Bourne | Ash |  #!  | find | ARG_MAX | Shells | whatshell | portability | permissions | UUOC | ancient | - | ../Various | HOME
"$@" | echo/printf | set -e | test | tty defs | tty chars | $() vs ) | IFS | using siginfo | nanosleep | line charset | locale

ARG_MAX, maximum length of arguments for a new process

or why do you get
command: arg list too long 

2002-06-06 .. 2022-06-27 (see recent changes)

Here you'll find

More about the nature of this limit

You will see the error message "arg list too long " if you try to call a program with too many arguments, that is,
most likely in connection with pattern matching:

    $ command * 

On some systems the limit is even hit with "grep pattern /usr/include/*/*" (using find or a recursive grep would be more appropriate anyway).

It's only the exec() system call and its direct variants, which will yield this error.
They return the corresponding error condition E2BIG (<sys/errno.h>).

The shell is not to blame, it just delivers this error to you.
In fact, shell expansion is not a problem, because here exec() is not needed, yet.
Expansion is only limited by the virtual memory system resources [1].
Thus the following commands work smoothly, because instead of handing over too many arguments to a new process,
they only make use of a shell built-in (echo) or iterate over the arguments with a control structure (for loop):

    /dir-with-many-files$ echo * | wc -c
    /dir-with-many-files$ for i in * ; do grep ARG_MAX "$i"; done

There are different ways to learn the upper limit (not the actual limit in effect in your current environemt, which might be lower)

(However, on the few system that have no limit for ARG_MAX, these methods wrongly might print a limit.)

From Version 7 on the limit was defined by NCARGS (usually in <[sys/]params.h>),
Later, ARG_MAX was introduced with 4.4BSD and System V.

In contrast to the headers, sysconf and getconf tell the limit which is actually in effect.
This is relevant on systems which allow to change it at run time (AIX), by reconfiguration (UnixWare, IRIX),
by recompiling (e.g. Linux) or by applying patches (HP-UX 10) - see the end notes for more details.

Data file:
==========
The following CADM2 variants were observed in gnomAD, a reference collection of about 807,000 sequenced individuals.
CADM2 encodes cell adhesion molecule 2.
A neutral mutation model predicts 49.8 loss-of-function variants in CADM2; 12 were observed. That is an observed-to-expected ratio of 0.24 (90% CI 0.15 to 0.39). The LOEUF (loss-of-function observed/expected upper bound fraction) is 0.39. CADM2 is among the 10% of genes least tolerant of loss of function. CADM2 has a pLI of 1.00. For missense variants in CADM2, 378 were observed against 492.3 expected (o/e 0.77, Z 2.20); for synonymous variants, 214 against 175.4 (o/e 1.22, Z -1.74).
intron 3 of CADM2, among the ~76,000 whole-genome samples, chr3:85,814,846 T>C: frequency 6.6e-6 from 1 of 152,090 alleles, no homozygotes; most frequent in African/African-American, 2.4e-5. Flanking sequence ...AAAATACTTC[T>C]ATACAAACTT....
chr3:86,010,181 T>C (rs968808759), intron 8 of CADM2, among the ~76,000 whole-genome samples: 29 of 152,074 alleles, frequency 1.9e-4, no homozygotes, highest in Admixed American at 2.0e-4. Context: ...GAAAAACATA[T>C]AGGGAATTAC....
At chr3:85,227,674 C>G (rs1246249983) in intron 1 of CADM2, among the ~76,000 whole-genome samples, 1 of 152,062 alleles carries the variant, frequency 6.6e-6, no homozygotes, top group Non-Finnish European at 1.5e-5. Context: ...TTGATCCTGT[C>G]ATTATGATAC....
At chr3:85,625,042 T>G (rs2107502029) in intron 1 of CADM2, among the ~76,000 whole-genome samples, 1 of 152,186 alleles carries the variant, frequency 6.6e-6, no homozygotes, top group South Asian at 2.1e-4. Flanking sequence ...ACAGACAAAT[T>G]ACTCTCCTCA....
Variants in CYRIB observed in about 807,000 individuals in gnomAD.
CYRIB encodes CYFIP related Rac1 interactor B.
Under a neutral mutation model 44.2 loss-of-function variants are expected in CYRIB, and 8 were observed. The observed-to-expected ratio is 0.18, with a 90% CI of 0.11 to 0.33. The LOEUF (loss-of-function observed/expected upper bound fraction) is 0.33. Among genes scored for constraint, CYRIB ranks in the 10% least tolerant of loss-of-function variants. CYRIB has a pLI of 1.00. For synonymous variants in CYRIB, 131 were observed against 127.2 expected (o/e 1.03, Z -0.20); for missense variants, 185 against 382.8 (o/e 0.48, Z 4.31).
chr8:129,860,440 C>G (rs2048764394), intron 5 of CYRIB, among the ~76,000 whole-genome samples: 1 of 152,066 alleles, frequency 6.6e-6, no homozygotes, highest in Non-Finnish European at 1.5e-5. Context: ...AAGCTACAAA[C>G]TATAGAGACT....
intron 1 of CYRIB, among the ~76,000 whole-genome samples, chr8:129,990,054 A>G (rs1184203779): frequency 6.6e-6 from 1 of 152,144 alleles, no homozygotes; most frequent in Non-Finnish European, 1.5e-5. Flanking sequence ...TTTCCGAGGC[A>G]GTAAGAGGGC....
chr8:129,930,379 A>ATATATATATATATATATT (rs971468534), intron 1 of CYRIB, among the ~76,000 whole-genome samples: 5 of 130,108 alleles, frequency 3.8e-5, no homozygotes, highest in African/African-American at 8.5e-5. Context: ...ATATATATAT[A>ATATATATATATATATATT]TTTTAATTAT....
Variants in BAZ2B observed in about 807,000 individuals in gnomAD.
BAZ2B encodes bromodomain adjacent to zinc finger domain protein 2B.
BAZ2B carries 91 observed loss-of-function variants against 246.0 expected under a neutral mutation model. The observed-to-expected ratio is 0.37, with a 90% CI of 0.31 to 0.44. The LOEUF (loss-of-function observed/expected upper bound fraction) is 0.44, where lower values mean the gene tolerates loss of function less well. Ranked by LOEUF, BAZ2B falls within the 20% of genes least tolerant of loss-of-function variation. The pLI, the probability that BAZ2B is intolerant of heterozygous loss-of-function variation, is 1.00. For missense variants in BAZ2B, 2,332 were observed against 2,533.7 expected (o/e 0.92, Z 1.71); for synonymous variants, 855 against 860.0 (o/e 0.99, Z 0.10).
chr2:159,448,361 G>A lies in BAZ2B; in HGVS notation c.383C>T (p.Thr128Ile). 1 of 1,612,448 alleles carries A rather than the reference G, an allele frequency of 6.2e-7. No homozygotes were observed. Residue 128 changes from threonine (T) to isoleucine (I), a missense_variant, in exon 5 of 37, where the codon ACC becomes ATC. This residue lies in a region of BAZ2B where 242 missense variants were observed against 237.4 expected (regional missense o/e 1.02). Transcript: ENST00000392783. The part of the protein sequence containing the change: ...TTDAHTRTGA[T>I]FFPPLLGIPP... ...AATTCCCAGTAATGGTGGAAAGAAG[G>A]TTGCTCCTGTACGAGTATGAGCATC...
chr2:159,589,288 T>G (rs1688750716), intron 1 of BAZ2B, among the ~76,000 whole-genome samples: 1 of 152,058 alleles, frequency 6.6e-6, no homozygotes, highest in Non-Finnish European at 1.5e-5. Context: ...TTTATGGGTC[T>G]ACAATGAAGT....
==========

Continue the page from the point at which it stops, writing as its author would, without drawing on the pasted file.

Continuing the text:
(Usually these are solutions for special requirements only, because increasing the limit doesn't solve the problem.)

    [1] However, in contrast to such expansions (which includes the literal overall command line length in scripts),
shells do have a limit for the interactive command line length (that is, what you may type in after the prompt).
But this limit is shell specific and not related to ARG_MAX.
Interestingly, putenv(3) is only limited by system resources, too. You just can't exec() anmymore if you are over the limit.
    [2] 4.4BSD BSD and the successors ( NetBSD since 1.0, OpenBSD 2.0, FreeBSD 2.0 ) provide: sysctl kern.argmax.
getconf in turn was introduced on BSDs with these versions: NetBSD 1.0, OpenBSD 2.0, FreeBSD 4.8.
    [3] example usage of sysconf():
#include <stdio.h>
#include <unistd.h>
int main() {
    return printf("ARG_MAX: %ld\n", sysconf(_SC_ARG_MAX));
    [4] A handy way to find the limits in your headers, if you have cpp(1) installed, which doesn't abort on file not found,
(inspired by Era Eriksson's page about ARG_MAX):

cpp <<EOF
#include <limits.h>
#include <param.h>
#include <params.h>
#include <sys/limits.h>
#include <sys/param.h>
#include <sys/params.h>
arg_max: ARG_MAX
ncargs: NCARGS

If your cpp doesn't like non-existent files, you might try

for file in limits.h param.h params.h sys/limits.h sys/param.h sys/params.h linux/limits.h linux/limits.h linux/param.h; do
cpp <<EOF 2>&1
#include <$file>
arg_max: ARG_MAX
ncargs: NCARGS
done|egrep 'arg_max|ncargs' |egrep -v 'ARG_MAX|NCARGS'

    [5] $ xargs --show-limits
environment variables take up 533 bytes
POSIX upper limit on argument length (this system): 2094571
POSIX smallest allowable upper limit on argument length (all systems): 4096
Maximum length of command we could actually use: 2094038
Size of command buffer we are actually using: 131072

The effectively usable space

When looking at ARG_MAX/NCARGS, you have to consider the space comsumption by both argv[] and envp[] (arguments and environment).
Thus you have to decrease ARG_MAX at least by the results of "env|wc -c" and "env|wc -l * 4" [5] for a good estimation of the currently available space.

    [5]  Every entry in envp is terminated with a null byte. The env utility adds a terminating newline instead, so the result of "wc -c" is the same.
"wc -l" in turn accounts for the number of pointers in envp, i.e., usually 4 bytes each, according to sizeof().

Some modern shells allow for exporting functions to the environment. The above slightly miscalculates then,
because their definitions tend to contain newlines which are misinterpreted as new envp[].
The same applies if variable values contain newlines.
You can make wc -l ignore the wrappings and limit it to lines with = at the right place:
expr `getconf ARG_MAX` - `env|wc -c` - `env|egrep '^[^ ]+='|wc -l` \* 4
(thanks to Michael Klement for pointing out the function issue and improving the calculation)

POSIX suggests to subtract 2048 additionally so that the process may savely modify its environment. A quick estimation with the getconf command:
(all the calculations inspired by a post from Gunnar Ritter in, <>)

 expr `getconf ARG_MAX` - `env|wc -c` - `env|wc -l` \* 4 - 2048

     or, if you even want to consider wrapped functions or variable values [5],
expr `getconf ARG_MAX` - `env|wc -c` - `env|egrep '^[^ ]+='|wc -l` \* 4 - 2048,